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Shabbat Parashat Noach | 5764

Moreshet Shaul



From the works of Hagaon Harav Shaul Yisraeli zt”l - Make for your Self a Rav - From Harabbanut V’hamedinah, pp. 24-25
 
[The following words are from notes for an address at the installation of a colleague as a community rabbi. The identity of the colleague is unknown; the period is the early State years. One needs to have witnessed Rav Yisraeli’s extreme humility in order to fully appreciate this address.]
 
 The need to make for oneself a rav is one of the fundamentals of Judaism. Everyone, according to his personal level, must find someone on a higher spiritual level to whom to listen, even to surrender himself to the rav’s instructions even when they are difficult to implement and understand. Our Rabbis referred to this concept when they said, “The fear of your rav should be upon you like the fear of Heaven” (Avot 4:12). It is for this reason that the main part of the Torah remained oral, [so that one would feel the need to engage an authority to inform and interpret]. Torah is not the way you want to explain it, but rather the way it was given and passed on. Accepting the Torah means surrendering to the authority of the Torah, including lowering the ego and being fully obedient.
 The exhortation, “Make for yourself a rav” (Avot 1:6) was addressed to the student, who is the one accepting the authority. It does not tell the master to make a student for himself to accept his authority. The gemara (Yoma18a)says that the Kohen Gadol (High Priest) should be elevated (financially) from that of his brethren. This [beyond the practical implications] implies that to the extent that his flock elevates him, to that extent it will have a Kohen Gadol. The same is true of a rav. To the extent that the community accepts his guidance and authority, to that extent it will have a rav. If the rav’s word is accepted only selectively, then his influence and the good he can bring about will be severely compromised.
 A member of the congregation must not say to himself that it is too late. “Let the rav impact on my children; I’m too old to change.” This type of protecting oneself from being influenced is a dangerous form of giving up hope and is dangerous not only for the parent, but for the children as well.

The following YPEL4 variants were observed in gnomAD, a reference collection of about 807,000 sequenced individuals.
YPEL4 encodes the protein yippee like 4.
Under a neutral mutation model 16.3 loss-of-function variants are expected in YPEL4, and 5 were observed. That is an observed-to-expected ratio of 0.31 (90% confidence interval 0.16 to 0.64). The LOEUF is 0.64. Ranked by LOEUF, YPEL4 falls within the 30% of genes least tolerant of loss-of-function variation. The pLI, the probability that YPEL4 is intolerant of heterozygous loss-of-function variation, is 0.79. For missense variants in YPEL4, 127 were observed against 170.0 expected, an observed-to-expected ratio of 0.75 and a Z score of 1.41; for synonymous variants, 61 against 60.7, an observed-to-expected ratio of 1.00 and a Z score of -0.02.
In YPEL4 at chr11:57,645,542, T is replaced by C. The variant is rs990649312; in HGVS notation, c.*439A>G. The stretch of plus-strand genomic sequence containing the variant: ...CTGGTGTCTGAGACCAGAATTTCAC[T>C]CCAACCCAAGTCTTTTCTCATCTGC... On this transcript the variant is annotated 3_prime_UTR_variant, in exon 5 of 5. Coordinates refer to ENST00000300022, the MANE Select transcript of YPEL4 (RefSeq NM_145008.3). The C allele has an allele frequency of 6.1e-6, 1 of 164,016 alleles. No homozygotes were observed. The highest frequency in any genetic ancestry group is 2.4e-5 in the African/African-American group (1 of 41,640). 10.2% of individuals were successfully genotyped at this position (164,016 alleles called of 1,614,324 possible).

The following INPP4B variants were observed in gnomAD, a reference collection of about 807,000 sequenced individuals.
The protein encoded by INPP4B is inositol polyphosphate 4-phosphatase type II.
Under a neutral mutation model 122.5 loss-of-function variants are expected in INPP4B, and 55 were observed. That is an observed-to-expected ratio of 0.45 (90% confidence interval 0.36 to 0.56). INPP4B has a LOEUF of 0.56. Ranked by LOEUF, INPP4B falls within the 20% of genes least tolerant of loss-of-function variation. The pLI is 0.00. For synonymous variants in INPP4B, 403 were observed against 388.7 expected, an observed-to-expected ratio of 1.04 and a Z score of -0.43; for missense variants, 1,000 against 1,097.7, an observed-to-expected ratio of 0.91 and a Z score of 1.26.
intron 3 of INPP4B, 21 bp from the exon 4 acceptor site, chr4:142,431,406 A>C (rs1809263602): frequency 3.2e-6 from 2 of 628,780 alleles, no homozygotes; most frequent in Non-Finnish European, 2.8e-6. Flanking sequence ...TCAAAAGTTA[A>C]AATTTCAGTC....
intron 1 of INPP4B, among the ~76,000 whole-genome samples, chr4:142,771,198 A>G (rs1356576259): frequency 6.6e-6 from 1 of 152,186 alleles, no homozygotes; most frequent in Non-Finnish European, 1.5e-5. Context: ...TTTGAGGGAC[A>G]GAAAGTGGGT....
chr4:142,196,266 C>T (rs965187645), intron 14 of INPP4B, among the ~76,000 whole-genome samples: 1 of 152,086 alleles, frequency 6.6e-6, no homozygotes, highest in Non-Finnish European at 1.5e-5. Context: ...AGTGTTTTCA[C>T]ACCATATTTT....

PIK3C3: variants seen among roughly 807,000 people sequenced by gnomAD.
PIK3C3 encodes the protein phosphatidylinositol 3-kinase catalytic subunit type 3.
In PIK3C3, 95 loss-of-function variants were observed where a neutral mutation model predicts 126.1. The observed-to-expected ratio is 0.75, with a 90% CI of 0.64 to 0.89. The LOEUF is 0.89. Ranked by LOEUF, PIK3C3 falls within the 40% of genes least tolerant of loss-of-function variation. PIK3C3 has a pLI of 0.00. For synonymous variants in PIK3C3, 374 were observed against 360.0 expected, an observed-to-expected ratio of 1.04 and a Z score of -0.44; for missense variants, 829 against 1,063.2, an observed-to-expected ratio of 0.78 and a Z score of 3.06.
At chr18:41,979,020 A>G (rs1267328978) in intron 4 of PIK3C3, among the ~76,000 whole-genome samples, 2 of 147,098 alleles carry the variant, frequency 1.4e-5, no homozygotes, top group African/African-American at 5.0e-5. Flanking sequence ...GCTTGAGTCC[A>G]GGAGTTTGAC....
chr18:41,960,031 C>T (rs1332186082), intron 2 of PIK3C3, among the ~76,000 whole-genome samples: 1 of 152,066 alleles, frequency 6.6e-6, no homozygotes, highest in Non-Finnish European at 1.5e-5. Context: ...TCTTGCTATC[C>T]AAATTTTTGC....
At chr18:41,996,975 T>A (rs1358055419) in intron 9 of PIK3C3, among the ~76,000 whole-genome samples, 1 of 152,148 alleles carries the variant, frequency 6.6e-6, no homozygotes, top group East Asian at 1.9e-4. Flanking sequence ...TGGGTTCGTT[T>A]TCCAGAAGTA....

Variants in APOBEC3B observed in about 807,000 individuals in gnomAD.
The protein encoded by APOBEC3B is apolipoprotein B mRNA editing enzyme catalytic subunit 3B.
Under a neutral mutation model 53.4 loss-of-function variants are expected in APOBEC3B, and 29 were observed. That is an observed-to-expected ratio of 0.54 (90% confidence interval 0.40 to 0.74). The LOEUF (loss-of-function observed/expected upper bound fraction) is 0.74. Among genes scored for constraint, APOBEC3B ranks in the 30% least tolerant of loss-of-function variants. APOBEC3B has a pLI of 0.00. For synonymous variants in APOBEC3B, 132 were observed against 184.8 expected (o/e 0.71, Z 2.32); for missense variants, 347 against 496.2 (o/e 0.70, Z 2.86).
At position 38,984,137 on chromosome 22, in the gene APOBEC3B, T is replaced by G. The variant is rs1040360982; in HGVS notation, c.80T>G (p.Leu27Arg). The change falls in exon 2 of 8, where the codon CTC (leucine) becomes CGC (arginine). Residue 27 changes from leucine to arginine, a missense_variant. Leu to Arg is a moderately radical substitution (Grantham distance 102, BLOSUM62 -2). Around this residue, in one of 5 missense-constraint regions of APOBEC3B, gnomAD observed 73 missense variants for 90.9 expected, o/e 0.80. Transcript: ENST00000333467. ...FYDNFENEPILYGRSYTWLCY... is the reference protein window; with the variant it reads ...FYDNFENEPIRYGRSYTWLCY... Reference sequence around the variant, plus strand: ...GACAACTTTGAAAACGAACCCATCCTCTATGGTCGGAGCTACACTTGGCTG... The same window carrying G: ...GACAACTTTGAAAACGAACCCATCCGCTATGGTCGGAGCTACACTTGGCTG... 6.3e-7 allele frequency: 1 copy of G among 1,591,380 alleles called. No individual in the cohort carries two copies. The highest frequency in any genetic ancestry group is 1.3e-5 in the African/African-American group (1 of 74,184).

Some words to the appointed rav. To come out with correct halachic and/or practical conclusions requires siyata dishmaya (Divine Assistance). The learning and the actions of one who accepts upon himself to be a “servant to a holy nation,” who has obligations to the community and whose word people are supposed to heed, is qualitatively different from one who is on his own. He must be more careful and more calculated, as his words and deeds cause an echo and leave an imprint. Not everything which could previously be said can now be said, under the new circumstances. Not every time one would opt to remain silent on an issue does one still have the right to do so. On the more optimistic note, the siyata dishmaya becomes much more prominent when one has accepted upon himself such an obligation, and things which were previously harder to achieve can now be achieved.
 There was a period in the pioneering stages of the Israeli community that people, including traditional Jews, felt that a rav was unnecessary. They felt that the spirit of renewal must bring with it freedom from authority and guides. Baruch Hashem, we are being cured of that unfortunate mindset. Let us bless you that now that you have a rav, the change will be felt with an increase in spirit, excitement, and dedication to Torah and mitzvot, and that the thirst for the word of Hashem will be positively quenched.
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Dedication

This edition of
Hemdat Yamim is dedicated to the memory of
R’ Meir ben Yechezkel Shraga Brachfeld o.b.m.,
and Yitzchak Eliezer Ben Avraham Mordechai Jacobson
o.b.m.

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